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  • FIRST POST
    • bolkonsky
    • By bolkonsky 11th Aug 18, 12:29 PM
    • 1Posts
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    bolkonsky
    How to get a weekly/ monthly income from savings
    • #1
    • 11th Aug 18, 12:29 PM
    How to get a weekly/ monthly income from savings 11th Aug 18 at 12:29 PM
    At the end of 2018, I will receive a state pension, at the age of 65. I am interested in finding ways to supplement ( to cover my living expenses) my state pension by using my savings (over 50,000 in building societies to earn a weekly/monthly income. I have looked at the option of renting out property, but there doesn't seem to be a suitable deal available. I ill welcome any advice on this subject.
Page 1
    • xylophone
    • By xylophone 11th Aug 18, 1:06 PM
    • 27,653 Posts
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    xylophone
    • #2
    • 11th Aug 18, 1:06 PM
    • #2
    • 11th Aug 18, 1:06 PM
    You have obtained a new state pension statement?

    https://www.gov.uk/check-state-pension

    Do you have any private pension provision?

    https://www.money.co.uk/savings-accounts/monthly-interest-savings-accounts.htm
    • Dazed and confused
    • By Dazed and confused 11th Aug 18, 1:09 PM
    • 3,289 Posts
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    Dazed and confused
    • #3
    • 11th Aug 18, 1:09 PM
    • #3
    • 11th Aug 18, 1:09 PM
    If you have unused Personal Allowance available, for example if your State Pension is your only pension income and you have no other earnings from a job, self employment, rental income etc then the 2880 becomes 3600 pension trick is popular on the pensions board.

    Open a personal pension/SIPP and deposit 2880. The pension company added basic rate tax relief you have 3600 in your pension fund.

    You can leave this as cash rather than invest it and when you withdraw it 25% is tax free with the remaining 75% being taxable. So if you have spare Personal Allowance then there may be no tax payable

    There are numerous threads about this on the pensions board.

    You need to consider pension provider fees and drawing money out might limit how much you can subsequently pay into a pension (possibly limited to 4k/year thereafter).

    Hargreaves Lansdown are often mentioned for this but you need to look at different companies and their rules and charges to know what would be best for you.

    In theory you can give the pension company 240/month and get 300/month back.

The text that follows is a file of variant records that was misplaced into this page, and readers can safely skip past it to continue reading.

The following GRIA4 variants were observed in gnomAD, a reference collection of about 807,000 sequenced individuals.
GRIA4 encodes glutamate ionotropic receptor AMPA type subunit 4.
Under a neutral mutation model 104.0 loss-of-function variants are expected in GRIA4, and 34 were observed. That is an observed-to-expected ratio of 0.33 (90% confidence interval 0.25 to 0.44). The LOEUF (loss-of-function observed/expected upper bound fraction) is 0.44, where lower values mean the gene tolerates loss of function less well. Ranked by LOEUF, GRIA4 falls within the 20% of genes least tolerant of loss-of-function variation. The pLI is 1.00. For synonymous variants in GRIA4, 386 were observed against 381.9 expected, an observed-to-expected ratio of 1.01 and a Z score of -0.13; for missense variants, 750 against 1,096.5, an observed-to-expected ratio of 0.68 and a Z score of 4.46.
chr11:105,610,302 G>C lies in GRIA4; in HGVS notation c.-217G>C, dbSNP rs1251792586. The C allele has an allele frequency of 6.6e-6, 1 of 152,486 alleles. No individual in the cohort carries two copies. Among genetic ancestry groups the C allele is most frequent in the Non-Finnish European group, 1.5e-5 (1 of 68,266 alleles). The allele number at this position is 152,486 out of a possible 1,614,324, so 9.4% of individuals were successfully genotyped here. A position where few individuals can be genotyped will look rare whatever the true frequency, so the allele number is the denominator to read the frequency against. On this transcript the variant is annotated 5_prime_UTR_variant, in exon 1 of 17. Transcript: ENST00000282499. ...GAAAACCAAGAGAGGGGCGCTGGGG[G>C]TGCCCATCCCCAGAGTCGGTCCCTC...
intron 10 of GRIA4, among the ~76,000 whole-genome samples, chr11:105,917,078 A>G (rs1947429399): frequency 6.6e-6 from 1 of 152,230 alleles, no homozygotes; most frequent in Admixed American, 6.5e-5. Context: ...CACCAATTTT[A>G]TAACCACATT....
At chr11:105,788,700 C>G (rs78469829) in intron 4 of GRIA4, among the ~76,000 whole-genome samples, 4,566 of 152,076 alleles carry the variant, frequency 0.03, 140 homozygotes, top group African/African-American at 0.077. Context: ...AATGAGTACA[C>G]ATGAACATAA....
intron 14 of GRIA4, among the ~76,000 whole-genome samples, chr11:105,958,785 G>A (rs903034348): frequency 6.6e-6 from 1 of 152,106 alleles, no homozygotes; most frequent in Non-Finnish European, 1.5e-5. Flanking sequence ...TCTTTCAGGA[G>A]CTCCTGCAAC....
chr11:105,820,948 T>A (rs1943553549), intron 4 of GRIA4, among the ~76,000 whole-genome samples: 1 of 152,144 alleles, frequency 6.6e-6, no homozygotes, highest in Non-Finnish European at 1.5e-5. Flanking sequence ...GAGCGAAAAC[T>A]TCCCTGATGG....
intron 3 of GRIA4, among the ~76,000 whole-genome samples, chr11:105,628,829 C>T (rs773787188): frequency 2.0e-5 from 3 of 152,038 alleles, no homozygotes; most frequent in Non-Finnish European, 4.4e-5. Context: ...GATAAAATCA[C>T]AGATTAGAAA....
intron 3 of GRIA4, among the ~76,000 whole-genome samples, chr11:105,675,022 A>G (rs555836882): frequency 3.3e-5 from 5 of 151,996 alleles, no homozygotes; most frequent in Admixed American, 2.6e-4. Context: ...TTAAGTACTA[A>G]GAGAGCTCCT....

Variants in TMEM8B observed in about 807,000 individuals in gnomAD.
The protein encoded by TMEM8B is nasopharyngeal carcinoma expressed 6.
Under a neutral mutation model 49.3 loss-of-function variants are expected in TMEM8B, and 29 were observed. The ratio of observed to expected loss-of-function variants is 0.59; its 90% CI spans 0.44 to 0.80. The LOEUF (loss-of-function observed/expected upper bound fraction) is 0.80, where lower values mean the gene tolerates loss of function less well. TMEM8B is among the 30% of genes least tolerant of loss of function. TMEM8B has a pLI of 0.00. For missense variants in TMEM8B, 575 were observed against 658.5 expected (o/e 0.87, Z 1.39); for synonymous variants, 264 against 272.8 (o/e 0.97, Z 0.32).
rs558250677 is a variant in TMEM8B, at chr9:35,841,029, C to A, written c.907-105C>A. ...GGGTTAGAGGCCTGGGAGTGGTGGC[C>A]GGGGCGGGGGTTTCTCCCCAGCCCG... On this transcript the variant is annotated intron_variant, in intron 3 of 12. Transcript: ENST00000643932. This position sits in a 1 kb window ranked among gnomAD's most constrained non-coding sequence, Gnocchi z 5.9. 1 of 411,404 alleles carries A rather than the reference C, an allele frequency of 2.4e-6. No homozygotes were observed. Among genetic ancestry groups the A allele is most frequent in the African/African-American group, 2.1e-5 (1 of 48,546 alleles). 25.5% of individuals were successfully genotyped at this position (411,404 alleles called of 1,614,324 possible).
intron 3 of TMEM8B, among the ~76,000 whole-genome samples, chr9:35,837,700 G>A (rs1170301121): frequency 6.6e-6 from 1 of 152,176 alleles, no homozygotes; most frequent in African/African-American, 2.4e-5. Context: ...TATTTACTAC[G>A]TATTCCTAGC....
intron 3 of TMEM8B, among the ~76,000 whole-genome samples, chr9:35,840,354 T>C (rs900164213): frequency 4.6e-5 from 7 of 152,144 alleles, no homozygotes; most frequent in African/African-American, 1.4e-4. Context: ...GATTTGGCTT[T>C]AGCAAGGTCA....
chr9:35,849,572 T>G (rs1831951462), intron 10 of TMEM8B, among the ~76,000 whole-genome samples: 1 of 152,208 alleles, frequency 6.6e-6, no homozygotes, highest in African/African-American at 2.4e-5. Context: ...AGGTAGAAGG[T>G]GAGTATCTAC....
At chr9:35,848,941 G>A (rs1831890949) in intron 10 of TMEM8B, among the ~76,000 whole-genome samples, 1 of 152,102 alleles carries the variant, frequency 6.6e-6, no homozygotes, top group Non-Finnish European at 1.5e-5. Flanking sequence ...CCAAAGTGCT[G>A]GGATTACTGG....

• kidmugsy
    • By kidmugsy 11th Aug 18, 1:31 PM
    • 12,187 Posts
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    kidmugsy
    • #4
    • 11th Aug 18, 1:31 PM
    • #4
    • 11th Aug 18, 1:31 PM
    Hargreaves Lansdown are often mentioned for this but you need to look at different companies and their rules and charges to know what would be best for you.
    Originally posted by Dazed and confused
    They are very good in our experience, but if you are going to use this ruse be careful not to empty your pension fund within a year of opening it - there is a heavy charge for that.

    As D&c implies, if you were to contribute 2,880 today you could then start drawing out a monthly sum from (if memory serves) the second half of next month. Then top up with another 2,880 in the new tax year i.e. on or after 06/04/2019.

    The ruse generates you 720 p.a. profit "out of thin air". You can continue the contributions until you turn 75.

    Apart from that there are savings accounts that pay the interest monthly. Googling turned up these:

    https://moneyfacts.co.uk/news/savings/6-of-the-best-monthly-interest-savings-accounts/

    https://www.money.co.uk/savings-accounts/monthly-interest-savings-accounts.htm
    Free the dunston one next time too.
    • Terry Towelling
    • By Terry Towelling 11th Aug 18, 1:49 PM
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    Terry Towelling
    • #5
    • 11th Aug 18, 1:49 PM
    • #5
    • 11th Aug 18, 1:49 PM
    Just to expand on @Dazed and confused's tax-relief-via-SIPP suggestion, if you are still working at the moment, you may be able to start your personal pension/SIPP with a higher amount. I think your gross contribution in any tax year can be as much as your earnings in that year (up to 40K max).

    If you earn less than 3600 (or you earn nothing at all) then you are restricted to 3600 (i.e. 2880 from you and 720 tax-relief from HMRC)

    Beyond that, you will need to take advice on what to do with the money you put into your pension pot (keep it as cash or invest it for growth) and whether to pay into it every year to get additional tax-relief - which you can do up to age 75.

    I think the tax-relief is a powerful incentive to follow this route especially if (as also said by @Dazed and confused) you will have unused personal allowance after taking your SP.

    There are plenty of forum users following this type of process - hopefully they will come along and let you know how beneficial (or otherwise) they have found it and who they have used as a provider.
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